The man sitting across the table from me looked just like me, except he was older and his hair was cut short and professional. We usually had dinner together every evening. It was his way of trying to keep us close after my mom left.
“I got a call from Mr. Johnston at work today.”
But he wasn’t like me. Otherwise he would have known to leave this subject alone.
I let my fork scoop my rice into a pile I now felt too nauseated to eat. A grain had fallen off onto the pseudo-wood of the table. It reminded me that we once covered it with a table cloth before eating.
“He told me there was another incident with Jay. You wanna tell me about it?”
“There’s nothing to say.”
I looked from my plate to the dust bunnies on top of the book-case in the living room. Then back down. My dad chewed his food in quick, powerful meetings of his mandible and maxilla.
“Well, I’ve told you before the best way to handle a bully,” he said, food not fully chewed.
“Yeah, walk up to him in front of all his friends and bust him right in the face. Right, Dad?”
“That’s the best way there is.”
“That’s the suicidal way. Jay’s like twice my size. He’d demolish me.”
His fork dinged against the plate. “Son, bullying is about dominance. You stop being his easy prey and show him you’re going to fight back, and he’ll think twice.”
“Is that before he smashes me for challenging him in front of everyone, or after? God forbid he gets his friends to join in.”
“He’d be shocked. And it might lead to a fight. Just try your best to hold your own before the teachers break it up. You don’t have to win the fight; you just have to send a message.”
“I’ll pass. Besides, I stood up to him last year and that didn’t go well.”
“That was before your growth spurt. And those mixed martial arts lessons I paid for. You need to do something to defend yourself. This running away won’t cut it,” he said.
I looked up at him. I didn’t know where this new resolve came from, but it only irritated me further. Maybe he didn’t like being silent when his work buddies shared family stories around the water cooler.
“Are you finally tired of having a weak son?”
“If I said I was, would you finally stop being a little bitch?”
I pushed my food away and got up. I wanted to hit something again.
As my feet stomped the floor, I thought about Jay’s punches. One had knocked my head straight back into a combination lock. It happened almost six months ago but the pain was still palpable. I wasn’t sure if those hits or my dad’s words hurt more.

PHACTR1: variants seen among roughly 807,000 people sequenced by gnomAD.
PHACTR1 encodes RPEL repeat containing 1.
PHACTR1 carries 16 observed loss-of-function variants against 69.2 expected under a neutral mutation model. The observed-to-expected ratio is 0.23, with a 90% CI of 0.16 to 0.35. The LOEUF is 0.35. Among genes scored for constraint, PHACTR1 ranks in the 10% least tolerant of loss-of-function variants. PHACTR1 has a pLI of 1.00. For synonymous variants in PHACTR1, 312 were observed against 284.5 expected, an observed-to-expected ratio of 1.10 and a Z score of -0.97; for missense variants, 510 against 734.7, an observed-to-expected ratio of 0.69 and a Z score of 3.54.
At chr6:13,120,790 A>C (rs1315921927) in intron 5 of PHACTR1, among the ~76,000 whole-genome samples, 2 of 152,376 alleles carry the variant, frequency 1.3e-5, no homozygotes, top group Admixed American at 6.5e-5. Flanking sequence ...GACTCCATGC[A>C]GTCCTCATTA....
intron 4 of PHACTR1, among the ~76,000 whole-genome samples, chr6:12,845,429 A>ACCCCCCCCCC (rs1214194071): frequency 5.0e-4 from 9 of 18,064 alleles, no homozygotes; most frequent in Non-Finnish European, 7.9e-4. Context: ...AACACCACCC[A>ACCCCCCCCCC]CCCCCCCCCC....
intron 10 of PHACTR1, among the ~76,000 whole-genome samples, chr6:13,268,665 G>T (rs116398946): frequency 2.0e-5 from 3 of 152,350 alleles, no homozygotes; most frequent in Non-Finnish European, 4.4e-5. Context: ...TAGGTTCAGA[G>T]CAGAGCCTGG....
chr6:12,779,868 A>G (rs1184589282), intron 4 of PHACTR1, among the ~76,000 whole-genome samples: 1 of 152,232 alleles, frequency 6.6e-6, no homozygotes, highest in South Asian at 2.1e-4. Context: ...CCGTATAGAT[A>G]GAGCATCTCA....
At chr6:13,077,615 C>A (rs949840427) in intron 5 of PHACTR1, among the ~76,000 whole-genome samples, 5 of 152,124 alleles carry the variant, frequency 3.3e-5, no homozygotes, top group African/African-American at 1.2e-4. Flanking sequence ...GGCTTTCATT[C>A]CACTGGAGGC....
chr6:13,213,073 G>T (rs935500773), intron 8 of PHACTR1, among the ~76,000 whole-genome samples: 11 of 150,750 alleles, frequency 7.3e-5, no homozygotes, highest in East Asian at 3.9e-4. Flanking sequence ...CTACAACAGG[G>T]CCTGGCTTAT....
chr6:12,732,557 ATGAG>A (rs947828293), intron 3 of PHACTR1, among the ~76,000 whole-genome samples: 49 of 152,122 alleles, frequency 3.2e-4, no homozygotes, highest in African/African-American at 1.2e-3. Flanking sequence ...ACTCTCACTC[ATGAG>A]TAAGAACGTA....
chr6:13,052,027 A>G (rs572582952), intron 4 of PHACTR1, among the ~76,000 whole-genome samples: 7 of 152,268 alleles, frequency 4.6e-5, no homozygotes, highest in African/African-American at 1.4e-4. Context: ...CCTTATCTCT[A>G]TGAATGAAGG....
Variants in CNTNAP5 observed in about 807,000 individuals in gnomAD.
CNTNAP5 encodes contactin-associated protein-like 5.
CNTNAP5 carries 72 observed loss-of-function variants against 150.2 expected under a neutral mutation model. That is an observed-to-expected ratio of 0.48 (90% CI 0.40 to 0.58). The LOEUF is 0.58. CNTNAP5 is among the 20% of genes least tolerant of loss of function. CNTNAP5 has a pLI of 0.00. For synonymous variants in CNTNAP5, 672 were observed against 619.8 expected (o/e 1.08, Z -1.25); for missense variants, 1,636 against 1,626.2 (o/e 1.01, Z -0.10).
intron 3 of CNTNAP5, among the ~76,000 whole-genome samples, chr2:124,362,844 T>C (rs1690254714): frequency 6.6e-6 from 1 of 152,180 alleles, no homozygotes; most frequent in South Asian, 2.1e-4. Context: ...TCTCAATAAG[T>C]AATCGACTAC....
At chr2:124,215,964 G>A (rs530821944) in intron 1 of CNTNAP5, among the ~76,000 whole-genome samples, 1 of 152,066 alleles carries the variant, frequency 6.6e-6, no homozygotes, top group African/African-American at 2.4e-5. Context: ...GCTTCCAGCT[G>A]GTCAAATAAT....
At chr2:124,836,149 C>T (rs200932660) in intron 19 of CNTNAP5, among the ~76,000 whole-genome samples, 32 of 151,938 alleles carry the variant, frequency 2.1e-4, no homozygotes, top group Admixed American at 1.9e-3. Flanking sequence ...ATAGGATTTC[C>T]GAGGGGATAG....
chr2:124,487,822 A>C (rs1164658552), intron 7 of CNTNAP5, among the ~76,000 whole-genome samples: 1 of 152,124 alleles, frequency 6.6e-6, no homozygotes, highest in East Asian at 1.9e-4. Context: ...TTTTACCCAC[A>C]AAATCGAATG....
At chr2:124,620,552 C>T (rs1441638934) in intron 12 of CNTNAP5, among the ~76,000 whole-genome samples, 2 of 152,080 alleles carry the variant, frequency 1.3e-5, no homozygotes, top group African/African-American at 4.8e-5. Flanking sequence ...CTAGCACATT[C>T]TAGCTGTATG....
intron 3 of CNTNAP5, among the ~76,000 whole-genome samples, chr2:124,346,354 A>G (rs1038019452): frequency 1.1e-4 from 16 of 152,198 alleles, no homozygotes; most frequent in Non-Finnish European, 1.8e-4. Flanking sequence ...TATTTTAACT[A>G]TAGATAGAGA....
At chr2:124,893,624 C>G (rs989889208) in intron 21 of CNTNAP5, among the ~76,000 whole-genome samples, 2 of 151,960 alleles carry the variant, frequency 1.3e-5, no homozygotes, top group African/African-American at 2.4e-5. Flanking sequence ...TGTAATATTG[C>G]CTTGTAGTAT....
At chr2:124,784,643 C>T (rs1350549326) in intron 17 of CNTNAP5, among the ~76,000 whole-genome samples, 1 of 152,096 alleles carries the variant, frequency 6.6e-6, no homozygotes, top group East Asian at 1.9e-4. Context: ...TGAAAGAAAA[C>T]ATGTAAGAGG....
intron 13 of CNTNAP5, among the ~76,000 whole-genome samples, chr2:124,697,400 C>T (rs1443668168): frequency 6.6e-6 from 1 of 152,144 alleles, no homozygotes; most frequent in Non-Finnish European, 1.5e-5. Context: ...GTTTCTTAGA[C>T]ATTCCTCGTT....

I needed to be alone. It was the only time the world made sense.
I lost myself in a tale about monsters and magic on the synthetic pages of my e-reader.
If only I could go on a quest to obtain a magic spell that would incinerate Jadarius. Or, even better, one that would make my mom come back. But that kind of stuff didn’t exist in the real world. Only the magic the other guy must have used when he got my mom to cheat on my dad.
My stomach growled and I realized two hours had passed since my first attempt at dinner. I could warm up the remains, but the food would bring back memories of the conversation.
I put on my hoodie— the leather jacket from last year had been ruined— and left. My dad didn’t say anything when I passed by the couch on the way out.
There weren’t any noticeable hills in Concord Hills. Nature was sparse, only coming along in residential neighborhoods and in isolated plots of land along the roads. Long, tiresome stretches of road. Route 8 ran northeast to southwest through half of the town. Running northwest to southeast was Route 343, which eventually led to Crain Highway, which could lead to Washington, D.C.
Concord Hills usually wasn’t in the conversation with other metropolitan towns, but it had a fair number of commuters, my dad being one of them.
I parked away from the building, my car facing a small wooded area that separated this parking lot from another. I hadn’t decided yet whether I would eat inside McDonald’s or come back to my car. I was still starved for isolation.